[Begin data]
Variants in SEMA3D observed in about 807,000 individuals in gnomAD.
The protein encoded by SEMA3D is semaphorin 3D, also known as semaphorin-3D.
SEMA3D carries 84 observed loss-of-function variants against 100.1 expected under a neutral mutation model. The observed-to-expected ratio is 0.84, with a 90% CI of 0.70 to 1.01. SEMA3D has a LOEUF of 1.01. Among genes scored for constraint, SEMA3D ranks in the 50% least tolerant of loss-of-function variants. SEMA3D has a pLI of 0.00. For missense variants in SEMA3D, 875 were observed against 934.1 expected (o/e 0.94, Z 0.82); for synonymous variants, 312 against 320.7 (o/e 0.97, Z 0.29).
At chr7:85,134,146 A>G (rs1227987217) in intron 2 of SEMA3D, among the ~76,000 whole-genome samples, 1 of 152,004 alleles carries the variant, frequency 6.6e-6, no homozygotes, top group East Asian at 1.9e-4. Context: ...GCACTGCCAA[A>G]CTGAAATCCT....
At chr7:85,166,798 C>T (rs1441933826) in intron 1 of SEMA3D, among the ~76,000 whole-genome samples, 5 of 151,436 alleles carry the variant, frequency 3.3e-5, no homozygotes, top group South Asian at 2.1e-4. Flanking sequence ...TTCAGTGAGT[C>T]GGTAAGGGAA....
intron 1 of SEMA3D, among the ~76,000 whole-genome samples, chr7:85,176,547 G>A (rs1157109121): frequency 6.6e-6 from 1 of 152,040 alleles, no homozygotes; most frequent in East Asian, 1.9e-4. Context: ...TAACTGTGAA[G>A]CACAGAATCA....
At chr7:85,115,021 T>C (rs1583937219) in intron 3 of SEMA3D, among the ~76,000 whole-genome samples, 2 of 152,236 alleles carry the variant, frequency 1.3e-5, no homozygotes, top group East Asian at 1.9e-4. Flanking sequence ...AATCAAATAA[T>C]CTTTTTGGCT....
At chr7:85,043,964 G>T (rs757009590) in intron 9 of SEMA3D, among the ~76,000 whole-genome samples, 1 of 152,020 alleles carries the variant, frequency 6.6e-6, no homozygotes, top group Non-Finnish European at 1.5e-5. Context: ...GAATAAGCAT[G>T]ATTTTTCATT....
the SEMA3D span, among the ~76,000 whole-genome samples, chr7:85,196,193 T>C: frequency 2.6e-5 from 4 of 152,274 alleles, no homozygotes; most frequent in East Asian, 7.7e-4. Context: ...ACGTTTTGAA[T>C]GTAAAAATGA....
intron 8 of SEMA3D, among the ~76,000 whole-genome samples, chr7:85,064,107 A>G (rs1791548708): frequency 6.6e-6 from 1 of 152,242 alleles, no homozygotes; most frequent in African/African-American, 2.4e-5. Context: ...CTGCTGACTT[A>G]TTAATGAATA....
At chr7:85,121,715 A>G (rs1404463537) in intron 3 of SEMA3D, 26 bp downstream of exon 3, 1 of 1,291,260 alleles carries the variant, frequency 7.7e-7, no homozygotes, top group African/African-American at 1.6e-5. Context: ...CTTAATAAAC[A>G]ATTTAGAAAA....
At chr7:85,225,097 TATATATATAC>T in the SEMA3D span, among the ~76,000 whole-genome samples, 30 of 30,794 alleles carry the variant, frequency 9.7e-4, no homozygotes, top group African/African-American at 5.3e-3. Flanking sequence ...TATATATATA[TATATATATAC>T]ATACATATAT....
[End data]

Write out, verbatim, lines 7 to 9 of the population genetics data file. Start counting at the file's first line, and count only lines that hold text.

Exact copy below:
At chr7:85,115,021 T>C (rs1583937219) in intron 3 of SEMA3D, among the ~76,000 whole-genome samples, 2 of 152,236 alleles carry the variant, frequency 1.3e-5, no homozygotes, top group East Asian at 1.9e-4. Flanking sequence ...AATCAAATAA[T>C]CTTTTTGGCT....
At chr7:85,043,964 G>T (rs757009590) in intron 9 of SEMA3D, among the ~76,000 whole-genome samples, 1 of 152,020 alleles carries the variant, frequency 6.6e-6, no homozygotes, top group Non-Finnish European at 1.5e-5. Context: ...GAATAAGCAT[G>T]ATTTTTCATT....
the SEMA3D span, among the ~76,000 whole-genome samples, chr7:85,196,193 T>C: frequency 2.6e-5 from 4 of 152,274 alleles, no homozygotes; most frequent in East Asian, 7.7e-4. Context: ...ACGTTTTGAA[T>C]GTAAAAATGA....